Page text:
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Vanderbilt Vision Training Seminar

Friday, October 12, 2018,
  • Location: Biological Sciences Building/MRB IV • 465 21St Ave S • Nashville, TN 37232
  • Room: 11455

David Sutterer, PhD

Department of Psychology (Woodman Lab)

Vanderbilt University

"Tracking online spatial memory representations with oscillatory brain activity"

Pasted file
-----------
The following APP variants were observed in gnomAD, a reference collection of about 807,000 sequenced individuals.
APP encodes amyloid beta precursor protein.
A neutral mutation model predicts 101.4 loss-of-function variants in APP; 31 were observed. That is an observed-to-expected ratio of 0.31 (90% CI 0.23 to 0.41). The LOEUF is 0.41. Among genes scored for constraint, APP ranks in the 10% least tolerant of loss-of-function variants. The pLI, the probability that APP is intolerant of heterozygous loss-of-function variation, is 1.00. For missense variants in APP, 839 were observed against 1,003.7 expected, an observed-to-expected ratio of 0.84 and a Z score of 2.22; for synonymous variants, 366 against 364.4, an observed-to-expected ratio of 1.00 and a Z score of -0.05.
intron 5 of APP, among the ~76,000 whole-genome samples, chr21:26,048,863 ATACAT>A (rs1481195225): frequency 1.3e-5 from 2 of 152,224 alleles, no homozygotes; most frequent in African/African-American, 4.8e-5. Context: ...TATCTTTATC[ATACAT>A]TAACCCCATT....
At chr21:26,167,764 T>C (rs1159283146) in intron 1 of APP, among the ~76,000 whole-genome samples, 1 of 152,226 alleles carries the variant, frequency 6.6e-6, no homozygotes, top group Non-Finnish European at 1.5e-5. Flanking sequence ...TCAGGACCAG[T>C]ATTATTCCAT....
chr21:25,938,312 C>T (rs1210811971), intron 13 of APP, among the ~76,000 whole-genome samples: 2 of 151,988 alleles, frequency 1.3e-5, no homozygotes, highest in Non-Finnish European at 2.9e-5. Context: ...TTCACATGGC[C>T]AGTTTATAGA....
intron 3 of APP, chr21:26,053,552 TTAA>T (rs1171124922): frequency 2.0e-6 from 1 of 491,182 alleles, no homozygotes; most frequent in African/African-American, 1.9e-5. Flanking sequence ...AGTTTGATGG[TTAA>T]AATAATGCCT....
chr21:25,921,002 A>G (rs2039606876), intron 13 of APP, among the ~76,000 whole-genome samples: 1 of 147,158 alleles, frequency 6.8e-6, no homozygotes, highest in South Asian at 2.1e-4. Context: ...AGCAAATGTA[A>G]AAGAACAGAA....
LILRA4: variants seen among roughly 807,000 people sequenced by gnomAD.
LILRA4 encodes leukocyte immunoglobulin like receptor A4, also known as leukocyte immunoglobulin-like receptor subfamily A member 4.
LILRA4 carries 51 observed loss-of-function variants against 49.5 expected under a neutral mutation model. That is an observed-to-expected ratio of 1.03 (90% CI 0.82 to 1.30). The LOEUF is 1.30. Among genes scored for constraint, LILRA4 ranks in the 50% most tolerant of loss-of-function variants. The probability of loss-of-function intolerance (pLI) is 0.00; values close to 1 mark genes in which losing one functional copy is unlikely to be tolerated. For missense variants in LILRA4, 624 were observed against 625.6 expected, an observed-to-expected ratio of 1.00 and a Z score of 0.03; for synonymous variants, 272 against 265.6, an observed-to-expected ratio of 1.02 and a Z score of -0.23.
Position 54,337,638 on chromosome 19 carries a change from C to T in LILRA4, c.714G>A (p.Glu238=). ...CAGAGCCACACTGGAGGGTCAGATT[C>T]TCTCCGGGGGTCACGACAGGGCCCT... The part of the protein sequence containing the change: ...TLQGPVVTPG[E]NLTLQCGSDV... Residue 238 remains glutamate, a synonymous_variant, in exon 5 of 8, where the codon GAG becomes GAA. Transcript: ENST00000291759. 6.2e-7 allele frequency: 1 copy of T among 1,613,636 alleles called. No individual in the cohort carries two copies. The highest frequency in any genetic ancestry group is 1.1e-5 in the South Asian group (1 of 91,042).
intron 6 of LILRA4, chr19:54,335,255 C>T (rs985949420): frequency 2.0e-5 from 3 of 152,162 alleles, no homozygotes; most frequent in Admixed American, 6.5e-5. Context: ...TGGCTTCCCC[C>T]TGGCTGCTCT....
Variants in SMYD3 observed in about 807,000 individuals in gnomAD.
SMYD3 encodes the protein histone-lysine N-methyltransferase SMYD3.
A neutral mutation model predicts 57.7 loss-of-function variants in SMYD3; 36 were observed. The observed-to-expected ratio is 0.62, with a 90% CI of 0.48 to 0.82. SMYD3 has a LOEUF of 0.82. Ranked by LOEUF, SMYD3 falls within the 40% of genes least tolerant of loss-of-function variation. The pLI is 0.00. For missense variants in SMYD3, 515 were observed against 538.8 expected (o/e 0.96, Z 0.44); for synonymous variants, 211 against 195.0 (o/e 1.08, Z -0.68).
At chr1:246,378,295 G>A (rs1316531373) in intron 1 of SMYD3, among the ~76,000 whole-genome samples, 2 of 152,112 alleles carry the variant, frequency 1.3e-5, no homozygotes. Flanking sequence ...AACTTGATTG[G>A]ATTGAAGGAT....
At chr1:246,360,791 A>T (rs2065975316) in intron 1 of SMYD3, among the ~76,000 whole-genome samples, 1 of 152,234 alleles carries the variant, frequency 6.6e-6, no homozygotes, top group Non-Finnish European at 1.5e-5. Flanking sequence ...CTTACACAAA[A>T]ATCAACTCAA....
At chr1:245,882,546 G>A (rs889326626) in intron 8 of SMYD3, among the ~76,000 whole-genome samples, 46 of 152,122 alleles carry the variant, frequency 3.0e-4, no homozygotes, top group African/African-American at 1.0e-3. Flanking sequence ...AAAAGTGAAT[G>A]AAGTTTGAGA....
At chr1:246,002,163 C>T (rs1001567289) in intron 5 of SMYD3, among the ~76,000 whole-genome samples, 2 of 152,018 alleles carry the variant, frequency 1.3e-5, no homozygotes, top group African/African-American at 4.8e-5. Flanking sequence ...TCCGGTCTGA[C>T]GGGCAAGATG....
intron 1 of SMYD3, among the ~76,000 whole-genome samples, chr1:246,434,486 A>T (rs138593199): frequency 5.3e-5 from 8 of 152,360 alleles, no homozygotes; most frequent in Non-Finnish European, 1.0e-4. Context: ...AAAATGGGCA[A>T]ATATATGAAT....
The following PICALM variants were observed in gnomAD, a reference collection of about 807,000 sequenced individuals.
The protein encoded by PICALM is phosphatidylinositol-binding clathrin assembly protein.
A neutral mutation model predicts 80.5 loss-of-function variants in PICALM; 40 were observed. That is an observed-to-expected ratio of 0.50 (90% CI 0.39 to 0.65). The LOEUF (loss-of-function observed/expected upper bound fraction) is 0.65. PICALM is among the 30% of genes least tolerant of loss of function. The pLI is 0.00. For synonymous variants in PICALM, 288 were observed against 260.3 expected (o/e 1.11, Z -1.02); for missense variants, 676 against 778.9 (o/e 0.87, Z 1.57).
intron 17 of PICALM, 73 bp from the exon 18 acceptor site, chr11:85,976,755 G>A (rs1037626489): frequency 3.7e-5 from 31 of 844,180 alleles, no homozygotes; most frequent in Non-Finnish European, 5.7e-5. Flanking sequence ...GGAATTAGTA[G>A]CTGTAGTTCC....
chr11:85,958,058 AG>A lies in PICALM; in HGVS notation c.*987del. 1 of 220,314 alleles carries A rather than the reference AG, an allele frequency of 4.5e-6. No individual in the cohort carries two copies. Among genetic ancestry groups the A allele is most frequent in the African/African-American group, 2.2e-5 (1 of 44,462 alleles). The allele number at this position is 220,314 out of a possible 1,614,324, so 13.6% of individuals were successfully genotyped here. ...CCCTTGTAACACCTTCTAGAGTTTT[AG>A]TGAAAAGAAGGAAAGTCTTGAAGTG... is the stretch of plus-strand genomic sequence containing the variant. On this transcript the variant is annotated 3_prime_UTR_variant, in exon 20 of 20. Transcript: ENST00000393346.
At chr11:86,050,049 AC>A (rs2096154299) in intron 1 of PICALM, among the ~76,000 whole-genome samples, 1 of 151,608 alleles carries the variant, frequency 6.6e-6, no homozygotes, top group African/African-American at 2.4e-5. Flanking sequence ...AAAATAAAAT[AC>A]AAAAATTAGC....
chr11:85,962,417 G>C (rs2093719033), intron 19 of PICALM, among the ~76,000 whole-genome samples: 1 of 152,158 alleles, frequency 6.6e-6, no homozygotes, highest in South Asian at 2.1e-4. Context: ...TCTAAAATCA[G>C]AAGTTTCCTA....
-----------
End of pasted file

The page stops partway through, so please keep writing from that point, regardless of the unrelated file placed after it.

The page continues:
Our ability to maintain and later retrieve detailed visual memories is an everyday experience, and completing almost any task requires us to shuttle this information between working and long-term memory. However, the mechanisms by which the brain supports detailed, online memory representations and the temporal dynamics of these representations remain poorly understood. Another open question is the degree to which these representations evolve from short to long delays. Here I will review an approach in which we use an inverted encoding model (IEM) and multivariate patterns of electroencephalography activity to track the maintenance of online spatial representations both in working memory and during retrieval from long-term memory. Specifically, I will discuss recent work in which we use this approach to explore which frequencies of EEG oscillations support online spatial working memories and then use these spatially sensitive frequencies to test the long-standing question of whether or not multiple items can be concurrently maintained in working memory. I will also show that we can use this same approach to track the moment-by-moment retrieval of remembered locations from long-term memory. Taken together, this pattern of results suggests that the multivariate analysis of oscillatory activity provides a powerful platform for tracking the encoding, maintenance, and retrieval of online spatial representations.